The University of Chicago Center in Beijing exists to promote cultural exchange, or wenhua jiaoliu. “Wenhua” 文化reminds us that the patterns of our shared lives are always changing, and “jiaoliu” 交流seems to speak of the unconstrained flow of precious things across time and space, linking people together. Perhaps music is a more perfect expression of cultural exchange than all of our scholarship put together. Curating this concert, “Tasting Strings,” composer Yao Chen has worked with the flowing together of similarities (plucked and bowed stringed instruments) and the contrasts of differences (Chinese and European instruments, traditional and contemporary compositions). Listening to these stellar performers explore such rich musical worlds, we are led to relive our own travels through time and space and appreciate anew the deeply meaningful encounters we have experienced. The Center is grateful to Chen Yao for bringing this musical experience to the Center. And the University of Chicago is proud to be the Professor Yao’s alma mater. His brilliant international career has brought credit to the Music Department and Composition program at the University, and his friendship to the Center here in Beijing has been precious. We hope to sponsor a number of concerts in coming months and years, with the help of Chen Yao and his many exceptional musician friends.
Through October 27, 2017
There was a global explosion of interest in human rights in the 1970s. Americans at the time believed that they were leaders in this initiative. But Americans did not get there first. In fact, one might argue they got there last. Focusing on the rise of new transnational forces that transformed the international order in the late twentieth century, Bradley explains why America lagged behind the rest of the world in the “imagination of human rights.”
University of Chicago Center in Beijing
An information session on the MA and PhD programs in the Division of the Social Sciences at the University of Chicago.
Through October 23, 2017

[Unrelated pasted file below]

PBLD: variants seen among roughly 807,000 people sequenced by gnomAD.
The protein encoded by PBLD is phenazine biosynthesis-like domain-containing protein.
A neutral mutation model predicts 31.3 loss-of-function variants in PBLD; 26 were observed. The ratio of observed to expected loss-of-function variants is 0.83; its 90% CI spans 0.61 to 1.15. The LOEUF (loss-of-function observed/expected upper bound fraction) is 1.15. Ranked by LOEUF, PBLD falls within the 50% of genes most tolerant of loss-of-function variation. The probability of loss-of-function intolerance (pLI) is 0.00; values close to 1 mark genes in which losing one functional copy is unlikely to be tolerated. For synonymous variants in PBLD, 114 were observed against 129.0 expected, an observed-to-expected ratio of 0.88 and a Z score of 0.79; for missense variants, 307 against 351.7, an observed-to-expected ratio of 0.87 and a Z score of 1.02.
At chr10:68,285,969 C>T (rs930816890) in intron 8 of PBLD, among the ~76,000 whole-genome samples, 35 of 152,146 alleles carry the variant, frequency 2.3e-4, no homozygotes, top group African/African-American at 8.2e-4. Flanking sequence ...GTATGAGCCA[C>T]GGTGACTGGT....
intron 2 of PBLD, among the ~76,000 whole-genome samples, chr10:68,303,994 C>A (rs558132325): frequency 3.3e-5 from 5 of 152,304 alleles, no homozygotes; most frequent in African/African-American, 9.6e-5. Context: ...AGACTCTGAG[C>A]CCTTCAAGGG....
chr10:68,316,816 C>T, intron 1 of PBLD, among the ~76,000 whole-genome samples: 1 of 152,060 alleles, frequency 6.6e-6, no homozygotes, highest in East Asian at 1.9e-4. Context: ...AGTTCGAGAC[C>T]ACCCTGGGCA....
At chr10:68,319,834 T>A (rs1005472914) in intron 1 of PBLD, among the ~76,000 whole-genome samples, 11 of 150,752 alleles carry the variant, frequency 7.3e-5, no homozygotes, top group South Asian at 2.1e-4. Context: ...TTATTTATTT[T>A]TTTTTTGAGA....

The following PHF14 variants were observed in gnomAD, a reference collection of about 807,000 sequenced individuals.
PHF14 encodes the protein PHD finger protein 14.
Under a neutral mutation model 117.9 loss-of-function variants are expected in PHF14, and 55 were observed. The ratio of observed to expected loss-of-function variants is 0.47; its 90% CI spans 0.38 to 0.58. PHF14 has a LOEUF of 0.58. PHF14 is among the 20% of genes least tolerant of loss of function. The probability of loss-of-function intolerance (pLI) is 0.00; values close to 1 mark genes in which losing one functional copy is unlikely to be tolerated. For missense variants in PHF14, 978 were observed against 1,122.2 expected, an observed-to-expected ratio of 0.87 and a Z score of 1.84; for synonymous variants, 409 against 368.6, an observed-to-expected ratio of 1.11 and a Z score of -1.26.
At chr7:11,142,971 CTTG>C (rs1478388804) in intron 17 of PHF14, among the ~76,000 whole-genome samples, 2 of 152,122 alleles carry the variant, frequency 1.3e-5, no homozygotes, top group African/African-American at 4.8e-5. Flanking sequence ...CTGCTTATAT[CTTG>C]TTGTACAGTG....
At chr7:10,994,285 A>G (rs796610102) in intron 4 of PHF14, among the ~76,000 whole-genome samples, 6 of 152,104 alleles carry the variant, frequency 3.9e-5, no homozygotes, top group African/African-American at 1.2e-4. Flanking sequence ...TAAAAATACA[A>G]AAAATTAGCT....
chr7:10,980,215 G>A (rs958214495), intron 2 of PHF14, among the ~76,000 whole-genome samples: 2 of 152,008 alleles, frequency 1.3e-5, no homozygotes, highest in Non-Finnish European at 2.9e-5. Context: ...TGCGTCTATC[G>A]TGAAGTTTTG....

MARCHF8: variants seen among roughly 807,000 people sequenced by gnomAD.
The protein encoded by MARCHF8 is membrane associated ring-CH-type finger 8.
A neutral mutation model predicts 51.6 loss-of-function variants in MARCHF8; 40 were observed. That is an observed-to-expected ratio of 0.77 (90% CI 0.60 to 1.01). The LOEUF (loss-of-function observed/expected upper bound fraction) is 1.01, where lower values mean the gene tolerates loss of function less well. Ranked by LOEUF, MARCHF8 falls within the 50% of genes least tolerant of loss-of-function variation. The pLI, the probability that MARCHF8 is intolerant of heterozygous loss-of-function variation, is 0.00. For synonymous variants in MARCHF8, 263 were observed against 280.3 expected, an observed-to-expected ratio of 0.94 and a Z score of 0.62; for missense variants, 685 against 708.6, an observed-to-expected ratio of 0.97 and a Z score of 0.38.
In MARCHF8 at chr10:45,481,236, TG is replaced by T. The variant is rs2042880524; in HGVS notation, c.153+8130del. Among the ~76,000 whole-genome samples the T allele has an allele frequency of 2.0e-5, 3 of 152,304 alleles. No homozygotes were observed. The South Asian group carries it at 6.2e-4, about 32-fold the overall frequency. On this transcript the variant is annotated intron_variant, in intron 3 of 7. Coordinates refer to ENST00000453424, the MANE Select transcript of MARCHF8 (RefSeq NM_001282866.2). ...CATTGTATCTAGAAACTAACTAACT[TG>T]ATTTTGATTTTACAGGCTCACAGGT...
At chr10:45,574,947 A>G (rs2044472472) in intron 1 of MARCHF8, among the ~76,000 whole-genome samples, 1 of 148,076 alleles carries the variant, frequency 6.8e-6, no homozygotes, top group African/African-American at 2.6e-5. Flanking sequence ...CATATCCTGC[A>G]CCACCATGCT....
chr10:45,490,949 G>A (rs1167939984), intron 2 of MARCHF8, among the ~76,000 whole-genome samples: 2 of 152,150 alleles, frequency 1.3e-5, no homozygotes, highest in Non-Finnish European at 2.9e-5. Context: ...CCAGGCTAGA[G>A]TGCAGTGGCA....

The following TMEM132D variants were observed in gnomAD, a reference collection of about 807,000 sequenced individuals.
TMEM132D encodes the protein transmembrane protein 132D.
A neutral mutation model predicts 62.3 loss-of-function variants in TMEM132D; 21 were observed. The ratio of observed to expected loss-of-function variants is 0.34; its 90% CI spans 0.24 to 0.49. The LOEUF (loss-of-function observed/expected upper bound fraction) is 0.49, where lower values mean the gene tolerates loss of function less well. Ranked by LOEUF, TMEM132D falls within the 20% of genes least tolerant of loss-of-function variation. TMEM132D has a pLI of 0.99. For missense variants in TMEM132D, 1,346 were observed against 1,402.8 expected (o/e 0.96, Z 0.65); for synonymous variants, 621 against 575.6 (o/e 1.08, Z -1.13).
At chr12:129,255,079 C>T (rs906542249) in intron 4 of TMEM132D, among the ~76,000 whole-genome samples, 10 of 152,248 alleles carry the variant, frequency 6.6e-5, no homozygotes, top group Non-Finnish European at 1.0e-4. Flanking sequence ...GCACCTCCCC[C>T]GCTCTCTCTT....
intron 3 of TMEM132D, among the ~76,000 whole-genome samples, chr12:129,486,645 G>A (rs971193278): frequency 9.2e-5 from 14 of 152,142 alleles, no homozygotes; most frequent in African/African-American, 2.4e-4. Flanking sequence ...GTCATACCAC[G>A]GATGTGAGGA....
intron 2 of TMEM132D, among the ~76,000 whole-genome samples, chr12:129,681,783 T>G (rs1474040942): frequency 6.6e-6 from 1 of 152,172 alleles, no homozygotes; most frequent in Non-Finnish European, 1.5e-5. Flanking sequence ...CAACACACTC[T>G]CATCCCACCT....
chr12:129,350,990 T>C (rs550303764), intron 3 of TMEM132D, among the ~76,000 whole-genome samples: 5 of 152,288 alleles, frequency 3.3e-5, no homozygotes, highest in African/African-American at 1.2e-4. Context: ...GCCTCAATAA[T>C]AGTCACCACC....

Precision medicine has the potential to transform the future medical practice. For most mental disorders, currently there has been no precise biological tests or effective treatments. Success of precision medicine in psychiatry depends on our understanding of individual genetic makeup, symptoms, cognitive assessment, and environmental exposures. Recent breakthroughs in genome-wide association studies (GWAS) and large-scale sequencing projects in psychiatry yield hundreds of genetic risk loci, bringing forth enormous opportunities but also posting challenges for translating genetic findings into accurate disease biology and clinical interventions. A likely paradigm change of psychiatric genetic architecture from polygenic to omnigenic model as well as pleiotropy nature further amplify such challenges. A multidiscipline approach that can integrate data at multiple levels (e.g., genomics, molecular, cellular, physiological, brain imaging and other phenotypes) is highly needed. Moreover, it is also instrumental to embrace novel technologies for data collection (e.g., using mobile platform). This workshop covers a variety of topics related to psychiatry, ranging from smartphone-based omics profiling and phenotype collection in mental disorders, schizophrenia genetics, braining imaging, functional genomics and patient-specific induced pluripotent stem cell (iPSC) disease modeling. The main goals of the workshop are: to inform Chinese basic and clinical researchers in mental health about the forefront research approaches and progress on psychiatric genetics, genomics, disease modeling and phenotyping in the context of psychiatric precision medicine; to promote research collaboration and resource sharing between US and Chinese researchers in mental health.